The effects of fluency instruction on the literacy development of at -risk first graders

Jane Cover Ebaugh, Fordham University

Abstract

Phonological awareness and rapid serial naming are underlying processes associated with beginning reading. This first-grade study in a public school district was designed to compare the effectiveness of two supplemental instructional approaches for first graders at risk for reading failure: (a) training in phonological awareness alone and (b) training in phonological awareness and fluency. ^ The participants were 20 at-risk first-grade students who were receiving a Title I intervention program called STeps Into Reading. This program was based on research and centered on direct instruction in phonological awareness. For this study, the intervention program was extended from 20 minutes a day to 30 minutes. The experimental group (STIR/PA + F) received fluency instruction for the extra 10 minutes. The control group (STIR/PA + PA) received additional phonological awareness instruction for the extra 10 minutes. ^ The effects of the instruction were analyzed in two ways. First, a MANOVA was performed to determine if there was a significant difference between the STIR/PA + PA group and the STIR/PA + F group on spelling, decoding, word identification at 5 and 1 seconds and word reading fluency. There was not a significant difference found for either group on any of the dependent variables. ^ The second analysis examined the effect of instruction on the literacy levels of the students to determine if fluency instruction gave the most at-risk students a benefit in word identification as it did in a prior feasibility study. The results of the ANOVA and independent sample t tests did show a significant advantage for the most at-risk students who received fluency instruction on word identification at 1 second and word reading fluency. There was a near significant advantage for word identification at 5 seconds. ^ Findings support Wolf and Segal's work, indicating that a neglected part of intervention may be in the area of fluency instruction for children with naming speed deficits that hinder automatic word recognition. Results are consistent with recommendations from the National Research Council (Snow, Burns, & Griffin, 1998) for instruction designed to prevent reading failure. ^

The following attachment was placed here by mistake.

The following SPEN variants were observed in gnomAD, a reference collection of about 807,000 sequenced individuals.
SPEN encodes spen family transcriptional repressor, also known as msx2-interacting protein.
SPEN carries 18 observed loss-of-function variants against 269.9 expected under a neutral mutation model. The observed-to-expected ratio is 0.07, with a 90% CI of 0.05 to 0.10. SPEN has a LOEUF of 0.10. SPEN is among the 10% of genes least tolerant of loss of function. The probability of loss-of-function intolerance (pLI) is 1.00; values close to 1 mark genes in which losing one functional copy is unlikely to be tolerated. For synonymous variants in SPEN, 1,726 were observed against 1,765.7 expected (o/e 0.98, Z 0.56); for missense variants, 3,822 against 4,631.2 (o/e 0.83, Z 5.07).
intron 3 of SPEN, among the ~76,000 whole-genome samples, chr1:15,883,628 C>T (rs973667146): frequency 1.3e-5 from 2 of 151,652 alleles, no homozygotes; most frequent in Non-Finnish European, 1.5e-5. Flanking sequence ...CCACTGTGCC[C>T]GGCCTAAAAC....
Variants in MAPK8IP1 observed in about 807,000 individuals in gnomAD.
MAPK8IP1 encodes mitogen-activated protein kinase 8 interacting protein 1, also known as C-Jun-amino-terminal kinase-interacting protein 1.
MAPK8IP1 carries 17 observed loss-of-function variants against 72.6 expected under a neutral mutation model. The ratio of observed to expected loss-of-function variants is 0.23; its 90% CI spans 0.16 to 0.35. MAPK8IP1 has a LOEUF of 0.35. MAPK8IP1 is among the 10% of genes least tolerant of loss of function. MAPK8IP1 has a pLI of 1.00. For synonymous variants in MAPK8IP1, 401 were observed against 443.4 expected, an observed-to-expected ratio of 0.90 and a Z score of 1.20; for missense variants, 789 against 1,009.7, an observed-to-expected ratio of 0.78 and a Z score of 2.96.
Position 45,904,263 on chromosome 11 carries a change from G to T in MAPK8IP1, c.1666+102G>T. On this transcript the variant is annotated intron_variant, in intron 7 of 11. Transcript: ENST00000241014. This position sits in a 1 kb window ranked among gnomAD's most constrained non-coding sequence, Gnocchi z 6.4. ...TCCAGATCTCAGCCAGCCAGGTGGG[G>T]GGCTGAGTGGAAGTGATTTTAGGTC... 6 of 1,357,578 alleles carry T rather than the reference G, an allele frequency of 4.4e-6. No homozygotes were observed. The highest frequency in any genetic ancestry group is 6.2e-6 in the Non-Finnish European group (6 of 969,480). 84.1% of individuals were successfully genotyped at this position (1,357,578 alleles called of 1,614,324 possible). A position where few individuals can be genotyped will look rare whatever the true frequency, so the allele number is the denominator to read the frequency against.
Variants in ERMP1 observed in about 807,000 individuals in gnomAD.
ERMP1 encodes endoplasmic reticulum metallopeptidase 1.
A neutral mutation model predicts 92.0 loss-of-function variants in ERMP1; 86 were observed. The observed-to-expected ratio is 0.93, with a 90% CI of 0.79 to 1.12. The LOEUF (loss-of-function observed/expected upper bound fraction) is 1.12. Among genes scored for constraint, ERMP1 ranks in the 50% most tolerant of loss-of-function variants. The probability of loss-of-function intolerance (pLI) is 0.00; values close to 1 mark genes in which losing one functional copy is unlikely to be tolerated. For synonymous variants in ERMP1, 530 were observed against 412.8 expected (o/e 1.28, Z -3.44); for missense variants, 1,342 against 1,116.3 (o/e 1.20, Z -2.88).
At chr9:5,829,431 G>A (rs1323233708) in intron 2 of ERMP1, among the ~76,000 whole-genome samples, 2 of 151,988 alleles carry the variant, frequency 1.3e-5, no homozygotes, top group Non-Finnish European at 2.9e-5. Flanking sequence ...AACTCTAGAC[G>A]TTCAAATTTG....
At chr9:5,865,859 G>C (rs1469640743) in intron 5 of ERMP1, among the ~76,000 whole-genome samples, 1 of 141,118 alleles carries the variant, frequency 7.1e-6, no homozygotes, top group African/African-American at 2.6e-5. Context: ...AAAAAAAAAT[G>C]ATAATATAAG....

Subject Area

Education, Early Childhood|Education, Elementary|Education, Reading

Recommended Citation

Jane Cover Ebaugh, "The effects of fluency instruction on the literacy development of at -risk first graders" (January 1, 2000). ETD Collection for Fordham University. Paper AAI9975346.
http://fordham.bepress.com/dissertations/AAI9975346

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